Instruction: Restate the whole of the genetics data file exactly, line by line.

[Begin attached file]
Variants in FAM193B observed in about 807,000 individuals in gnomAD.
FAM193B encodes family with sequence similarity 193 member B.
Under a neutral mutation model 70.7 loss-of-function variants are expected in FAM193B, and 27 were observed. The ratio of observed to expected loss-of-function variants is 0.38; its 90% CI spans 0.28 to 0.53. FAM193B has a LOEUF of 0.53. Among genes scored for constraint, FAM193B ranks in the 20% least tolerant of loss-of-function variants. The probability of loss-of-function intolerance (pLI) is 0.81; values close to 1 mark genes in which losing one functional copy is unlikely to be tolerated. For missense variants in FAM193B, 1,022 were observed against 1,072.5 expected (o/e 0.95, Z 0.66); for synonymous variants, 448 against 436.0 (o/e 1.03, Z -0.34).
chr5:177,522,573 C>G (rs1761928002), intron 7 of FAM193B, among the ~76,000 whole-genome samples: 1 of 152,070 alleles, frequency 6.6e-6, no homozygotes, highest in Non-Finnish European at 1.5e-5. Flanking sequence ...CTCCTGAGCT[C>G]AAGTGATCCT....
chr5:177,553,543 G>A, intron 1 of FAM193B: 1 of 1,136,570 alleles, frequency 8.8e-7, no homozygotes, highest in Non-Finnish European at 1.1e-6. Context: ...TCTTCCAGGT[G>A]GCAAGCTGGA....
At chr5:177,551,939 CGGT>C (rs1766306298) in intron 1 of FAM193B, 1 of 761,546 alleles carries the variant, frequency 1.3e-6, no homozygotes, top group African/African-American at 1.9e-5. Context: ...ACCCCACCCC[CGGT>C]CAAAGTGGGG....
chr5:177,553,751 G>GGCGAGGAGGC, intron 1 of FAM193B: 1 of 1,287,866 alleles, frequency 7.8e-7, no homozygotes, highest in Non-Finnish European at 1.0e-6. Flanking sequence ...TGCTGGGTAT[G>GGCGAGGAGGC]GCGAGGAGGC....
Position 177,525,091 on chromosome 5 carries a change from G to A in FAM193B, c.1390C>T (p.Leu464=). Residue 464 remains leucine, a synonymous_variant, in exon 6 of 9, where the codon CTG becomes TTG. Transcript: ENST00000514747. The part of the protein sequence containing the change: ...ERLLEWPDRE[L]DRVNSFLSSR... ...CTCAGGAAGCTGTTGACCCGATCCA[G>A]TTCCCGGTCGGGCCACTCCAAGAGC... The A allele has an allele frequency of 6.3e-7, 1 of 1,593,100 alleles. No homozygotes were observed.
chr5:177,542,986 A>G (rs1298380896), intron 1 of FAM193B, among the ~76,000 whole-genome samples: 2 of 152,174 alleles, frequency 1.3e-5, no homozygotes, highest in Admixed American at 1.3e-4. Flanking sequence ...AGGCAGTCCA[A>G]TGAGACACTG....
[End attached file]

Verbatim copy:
Variants in FAM193B observed in about 807,000 individuals in gnomAD.
FAM193B encodes family with sequence similarity 193 member B.
Under a neutral mutation model 70.7 loss-of-function variants are expected in FAM193B, and 27 were observed. The ratio of observed to expected loss-of-function variants is 0.38; its 90% CI spans 0.28 to 0.53. FAM193B has a LOEUF of 0.53. Among genes scored for constraint, FAM193B ranks in the 20% least tolerant of loss-of-function variants. The probability of loss-of-function intolerance (pLI) is 0.81; values close to 1 mark genes in which losing one functional copy is unlikely to be tolerated. For missense variants in FAM193B, 1,022 were observed against 1,072.5 expected (o/e 0.95, Z 0.66); for synonymous variants, 448 against 436.0 (o/e 1.03, Z -0.34).
chr5:177,522,573 C>G (rs1761928002), intron 7 of FAM193B, among the ~76,000 whole-genome samples: 1 of 152,070 alleles, frequency 6.6e-6, no homozygotes, highest in Non-Finnish European at 1.5e-5. Flanking sequence ...CTCCTGAGCT[C>G]AAGTGATCCT....
chr5:177,553,543 G>A, intron 1 of FAM193B: 1 of 1,136,570 alleles, frequency 8.8e-7, no homozygotes, highest in Non-Finnish European at 1.1e-6. Context: ...TCTTCCAGGT[G>A]GCAAGCTGGA....
At chr5:177,551,939 CGGT>C (rs1766306298) in intron 1 of FAM193B, 1 of 761,546 alleles carries the variant, frequency 1.3e-6, no homozygotes, top group African/African-American at 1.9e-5. Context: ...ACCCCACCCC[CGGT>C]CAAAGTGGGG....
chr5:177,553,751 G>GGCGAGGAGGC, intron 1 of FAM193B: 1 of 1,287,866 alleles, frequency 7.8e-7, no homozygotes, highest in Non-Finnish European at 1.0e-6. Flanking sequence ...TGCTGGGTAT[G>GGCGAGGAGGC]GCGAGGAGGC....
Position 177,525,091 on chromosome 5 carries a change from G to A in FAM193B, c.1390C>T (p.Leu464=). Residue 464 remains leucine, a synonymous_variant, in exon 6 of 9, where the codon CTG becomes TTG. Transcript: ENST00000514747. The part of the protein sequence containing the change: ...ERLLEWPDRE[L]DRVNSFLSSR... ...CTCAGGAAGCTGTTGACCCGATCCA[G>A]TTCCCGGTCGGGCCACTCCAAGAGC... The A allele has an allele frequency of 6.3e-7, 1 of 1,593,100 alleles. No homozygotes were observed.
chr5:177,542,986 A>G (rs1298380896), intron 1 of FAM193B, among the ~76,000 whole-genome samples: 2 of 152,174 alleles, frequency 1.3e-5, no homozygotes, highest in Admixed American at 1.3e-4. Flanking sequence ...AGGCAGTCCA[A>G]TGAGACACTG....